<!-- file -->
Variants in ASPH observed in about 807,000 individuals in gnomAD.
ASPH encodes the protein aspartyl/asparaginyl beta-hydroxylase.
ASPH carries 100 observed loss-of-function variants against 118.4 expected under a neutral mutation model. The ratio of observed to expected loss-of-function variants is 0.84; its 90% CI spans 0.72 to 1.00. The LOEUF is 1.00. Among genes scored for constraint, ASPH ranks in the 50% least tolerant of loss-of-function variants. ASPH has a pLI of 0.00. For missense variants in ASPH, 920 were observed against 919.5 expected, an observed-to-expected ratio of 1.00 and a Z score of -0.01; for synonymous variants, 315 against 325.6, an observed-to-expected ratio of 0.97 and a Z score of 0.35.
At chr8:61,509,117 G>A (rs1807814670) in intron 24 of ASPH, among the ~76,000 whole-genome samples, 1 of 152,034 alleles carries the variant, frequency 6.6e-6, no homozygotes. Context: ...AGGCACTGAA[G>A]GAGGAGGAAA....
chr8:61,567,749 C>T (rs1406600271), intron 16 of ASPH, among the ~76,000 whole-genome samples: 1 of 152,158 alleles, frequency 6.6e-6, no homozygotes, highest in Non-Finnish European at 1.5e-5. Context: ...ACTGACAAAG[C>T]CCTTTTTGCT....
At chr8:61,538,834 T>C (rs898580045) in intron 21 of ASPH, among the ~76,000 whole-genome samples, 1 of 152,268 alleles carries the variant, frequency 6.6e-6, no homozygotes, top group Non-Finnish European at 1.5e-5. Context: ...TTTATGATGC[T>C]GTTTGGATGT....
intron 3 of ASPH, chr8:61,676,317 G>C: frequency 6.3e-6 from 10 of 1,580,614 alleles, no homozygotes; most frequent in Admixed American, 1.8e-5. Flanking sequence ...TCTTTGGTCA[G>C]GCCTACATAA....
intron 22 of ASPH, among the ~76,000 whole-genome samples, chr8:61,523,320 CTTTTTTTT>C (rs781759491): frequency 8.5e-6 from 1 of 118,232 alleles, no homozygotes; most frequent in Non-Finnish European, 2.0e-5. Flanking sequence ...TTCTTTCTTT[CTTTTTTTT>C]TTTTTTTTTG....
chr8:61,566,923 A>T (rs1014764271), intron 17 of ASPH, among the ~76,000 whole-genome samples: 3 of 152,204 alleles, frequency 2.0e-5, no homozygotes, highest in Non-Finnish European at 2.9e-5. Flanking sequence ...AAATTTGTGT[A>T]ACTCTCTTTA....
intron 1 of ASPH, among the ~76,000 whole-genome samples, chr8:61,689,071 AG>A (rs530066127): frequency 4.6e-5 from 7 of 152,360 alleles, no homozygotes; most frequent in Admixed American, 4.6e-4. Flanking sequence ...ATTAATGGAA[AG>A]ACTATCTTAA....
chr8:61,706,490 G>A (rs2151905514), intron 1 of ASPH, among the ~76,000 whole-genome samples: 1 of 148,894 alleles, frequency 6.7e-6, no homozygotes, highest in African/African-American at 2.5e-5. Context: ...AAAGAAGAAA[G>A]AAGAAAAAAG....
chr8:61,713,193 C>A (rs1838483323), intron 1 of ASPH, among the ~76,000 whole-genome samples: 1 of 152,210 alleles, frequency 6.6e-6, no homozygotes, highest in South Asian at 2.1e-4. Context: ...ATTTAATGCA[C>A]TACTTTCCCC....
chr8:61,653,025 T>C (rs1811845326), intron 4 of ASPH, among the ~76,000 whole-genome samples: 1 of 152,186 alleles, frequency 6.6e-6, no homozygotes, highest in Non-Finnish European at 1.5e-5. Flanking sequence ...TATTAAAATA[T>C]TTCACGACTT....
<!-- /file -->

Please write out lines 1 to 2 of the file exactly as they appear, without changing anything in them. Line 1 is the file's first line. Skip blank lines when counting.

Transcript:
Variants in ASPH observed in about 807,000 individuals in gnomAD.
ASPH encodes the protein aspartyl/asparaginyl beta-hydroxylase.